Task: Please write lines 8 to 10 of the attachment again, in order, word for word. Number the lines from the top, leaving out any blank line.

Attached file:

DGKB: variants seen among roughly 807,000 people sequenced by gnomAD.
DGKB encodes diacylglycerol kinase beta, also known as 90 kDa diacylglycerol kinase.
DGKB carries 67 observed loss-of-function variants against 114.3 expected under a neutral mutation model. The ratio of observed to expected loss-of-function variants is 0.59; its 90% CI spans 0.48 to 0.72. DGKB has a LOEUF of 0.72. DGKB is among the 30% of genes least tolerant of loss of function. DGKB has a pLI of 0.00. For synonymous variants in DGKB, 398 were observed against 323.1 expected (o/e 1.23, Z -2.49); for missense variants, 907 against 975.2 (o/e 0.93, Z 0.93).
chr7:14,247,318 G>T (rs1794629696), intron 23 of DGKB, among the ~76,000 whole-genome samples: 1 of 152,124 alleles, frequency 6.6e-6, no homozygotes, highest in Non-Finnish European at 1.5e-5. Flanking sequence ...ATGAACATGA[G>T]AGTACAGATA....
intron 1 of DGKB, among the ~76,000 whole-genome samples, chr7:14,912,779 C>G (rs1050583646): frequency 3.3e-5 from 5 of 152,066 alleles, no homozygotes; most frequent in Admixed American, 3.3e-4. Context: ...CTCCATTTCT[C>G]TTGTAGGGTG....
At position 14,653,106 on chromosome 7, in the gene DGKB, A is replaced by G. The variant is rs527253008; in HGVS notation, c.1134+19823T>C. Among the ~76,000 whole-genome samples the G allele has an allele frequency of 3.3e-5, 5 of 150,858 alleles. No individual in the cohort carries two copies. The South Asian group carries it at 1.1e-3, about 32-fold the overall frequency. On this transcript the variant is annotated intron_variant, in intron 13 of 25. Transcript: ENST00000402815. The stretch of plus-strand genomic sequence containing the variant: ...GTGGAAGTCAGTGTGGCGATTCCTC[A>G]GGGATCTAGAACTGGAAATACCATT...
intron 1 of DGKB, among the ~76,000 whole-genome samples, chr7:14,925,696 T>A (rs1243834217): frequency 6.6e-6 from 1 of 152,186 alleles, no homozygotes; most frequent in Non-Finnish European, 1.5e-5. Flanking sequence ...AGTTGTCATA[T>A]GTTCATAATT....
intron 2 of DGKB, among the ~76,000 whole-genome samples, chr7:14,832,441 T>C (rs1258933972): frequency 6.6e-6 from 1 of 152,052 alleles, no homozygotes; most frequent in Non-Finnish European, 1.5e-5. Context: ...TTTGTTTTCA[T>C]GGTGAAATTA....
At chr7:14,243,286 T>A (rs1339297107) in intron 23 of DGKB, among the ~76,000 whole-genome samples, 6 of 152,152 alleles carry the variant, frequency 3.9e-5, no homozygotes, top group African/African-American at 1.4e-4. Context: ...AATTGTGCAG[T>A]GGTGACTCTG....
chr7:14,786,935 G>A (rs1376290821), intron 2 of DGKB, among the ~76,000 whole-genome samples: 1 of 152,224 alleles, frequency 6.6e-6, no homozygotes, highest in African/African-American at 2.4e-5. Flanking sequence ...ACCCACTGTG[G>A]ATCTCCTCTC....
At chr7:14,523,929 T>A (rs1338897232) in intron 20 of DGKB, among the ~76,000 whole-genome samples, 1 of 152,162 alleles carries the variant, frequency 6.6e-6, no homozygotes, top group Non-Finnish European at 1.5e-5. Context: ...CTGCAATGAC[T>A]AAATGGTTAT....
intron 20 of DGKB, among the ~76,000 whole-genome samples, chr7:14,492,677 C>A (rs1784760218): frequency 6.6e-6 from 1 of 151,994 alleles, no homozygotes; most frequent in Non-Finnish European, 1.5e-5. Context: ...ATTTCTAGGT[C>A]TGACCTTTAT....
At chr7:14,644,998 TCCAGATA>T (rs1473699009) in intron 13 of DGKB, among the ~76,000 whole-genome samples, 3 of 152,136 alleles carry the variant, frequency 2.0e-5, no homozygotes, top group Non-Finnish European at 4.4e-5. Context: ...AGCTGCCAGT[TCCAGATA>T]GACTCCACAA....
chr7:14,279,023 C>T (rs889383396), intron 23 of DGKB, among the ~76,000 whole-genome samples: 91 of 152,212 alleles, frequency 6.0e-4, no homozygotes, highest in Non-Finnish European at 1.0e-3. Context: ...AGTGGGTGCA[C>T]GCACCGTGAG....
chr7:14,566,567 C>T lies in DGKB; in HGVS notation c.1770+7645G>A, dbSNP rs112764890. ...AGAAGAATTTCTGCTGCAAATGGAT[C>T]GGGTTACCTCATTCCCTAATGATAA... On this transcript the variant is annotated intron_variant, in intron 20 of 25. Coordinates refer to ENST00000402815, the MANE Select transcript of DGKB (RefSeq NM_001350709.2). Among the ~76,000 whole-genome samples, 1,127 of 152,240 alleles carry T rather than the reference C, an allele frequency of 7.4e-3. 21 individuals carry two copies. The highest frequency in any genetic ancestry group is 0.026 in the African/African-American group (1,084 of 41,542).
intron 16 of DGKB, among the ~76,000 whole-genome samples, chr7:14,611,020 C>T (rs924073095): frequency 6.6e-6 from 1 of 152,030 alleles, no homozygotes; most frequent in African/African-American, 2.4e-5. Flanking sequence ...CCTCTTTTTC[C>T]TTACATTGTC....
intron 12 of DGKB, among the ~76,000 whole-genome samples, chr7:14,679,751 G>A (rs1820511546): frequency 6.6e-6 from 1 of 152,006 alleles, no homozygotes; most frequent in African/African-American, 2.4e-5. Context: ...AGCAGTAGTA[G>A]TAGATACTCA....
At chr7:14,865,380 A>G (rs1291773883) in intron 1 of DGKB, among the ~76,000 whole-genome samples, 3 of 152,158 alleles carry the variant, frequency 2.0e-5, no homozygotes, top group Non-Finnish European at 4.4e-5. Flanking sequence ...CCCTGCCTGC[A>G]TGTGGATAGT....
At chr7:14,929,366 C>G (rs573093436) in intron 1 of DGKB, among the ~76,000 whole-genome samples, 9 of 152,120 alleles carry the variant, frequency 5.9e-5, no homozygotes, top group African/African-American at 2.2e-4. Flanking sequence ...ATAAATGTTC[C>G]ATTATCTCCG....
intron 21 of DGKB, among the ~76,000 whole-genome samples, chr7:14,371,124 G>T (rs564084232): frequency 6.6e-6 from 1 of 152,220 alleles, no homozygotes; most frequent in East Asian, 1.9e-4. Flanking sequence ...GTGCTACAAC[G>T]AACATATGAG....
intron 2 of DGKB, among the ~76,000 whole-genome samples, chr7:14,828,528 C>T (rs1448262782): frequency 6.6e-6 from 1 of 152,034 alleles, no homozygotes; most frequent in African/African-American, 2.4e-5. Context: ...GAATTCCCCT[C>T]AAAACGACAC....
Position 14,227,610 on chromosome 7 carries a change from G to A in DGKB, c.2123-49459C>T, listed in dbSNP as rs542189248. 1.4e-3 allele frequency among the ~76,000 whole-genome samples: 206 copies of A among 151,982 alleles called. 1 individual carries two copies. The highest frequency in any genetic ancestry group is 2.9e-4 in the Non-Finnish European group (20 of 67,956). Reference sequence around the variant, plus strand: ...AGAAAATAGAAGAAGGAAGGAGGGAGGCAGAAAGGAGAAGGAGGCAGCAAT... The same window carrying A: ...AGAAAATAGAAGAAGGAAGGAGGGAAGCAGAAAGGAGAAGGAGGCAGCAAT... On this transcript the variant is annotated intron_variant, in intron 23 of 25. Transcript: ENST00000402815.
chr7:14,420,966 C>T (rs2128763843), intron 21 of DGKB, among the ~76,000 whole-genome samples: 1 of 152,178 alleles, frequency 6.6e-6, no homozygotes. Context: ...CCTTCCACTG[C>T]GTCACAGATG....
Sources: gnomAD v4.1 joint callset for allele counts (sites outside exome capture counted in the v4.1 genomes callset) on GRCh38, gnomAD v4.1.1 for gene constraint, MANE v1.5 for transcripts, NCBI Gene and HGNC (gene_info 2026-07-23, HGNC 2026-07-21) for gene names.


intron 2 of DGKB, among the ~76,000 whole-genome samples, chr7:14,832,441 T>C (rs1258933972): frequency 6.6e-6 from 1 of 152,052 alleles, no homozygotes; most frequent in Non-Finnish European, 1.5e-5. Context: ...TTTGTTTTCA[T>C]GGTGAAATTA....
At chr7:14,243,286 T>A (rs1339297107) in intron 23 of DGKB, among the ~76,000 whole-genome samples, 6 of 152,152 alleles carry the variant, frequency 3.9e-5, no homozygotes, top group African/African-American at 1.4e-4. Context: ...AATTGTGCAG[T>A]GGTGACTCTG....
chr7:14,786,935 G>A (rs1376290821), intron 2 of DGKB, among the ~76,000 whole-genome samples: 1 of 152,224 alleles, frequency 6.6e-6, no homozygotes, highest in African/African-American at 2.4e-5. Flanking sequence ...ACCCACTGTG[G>A]ATCTCCTCTC....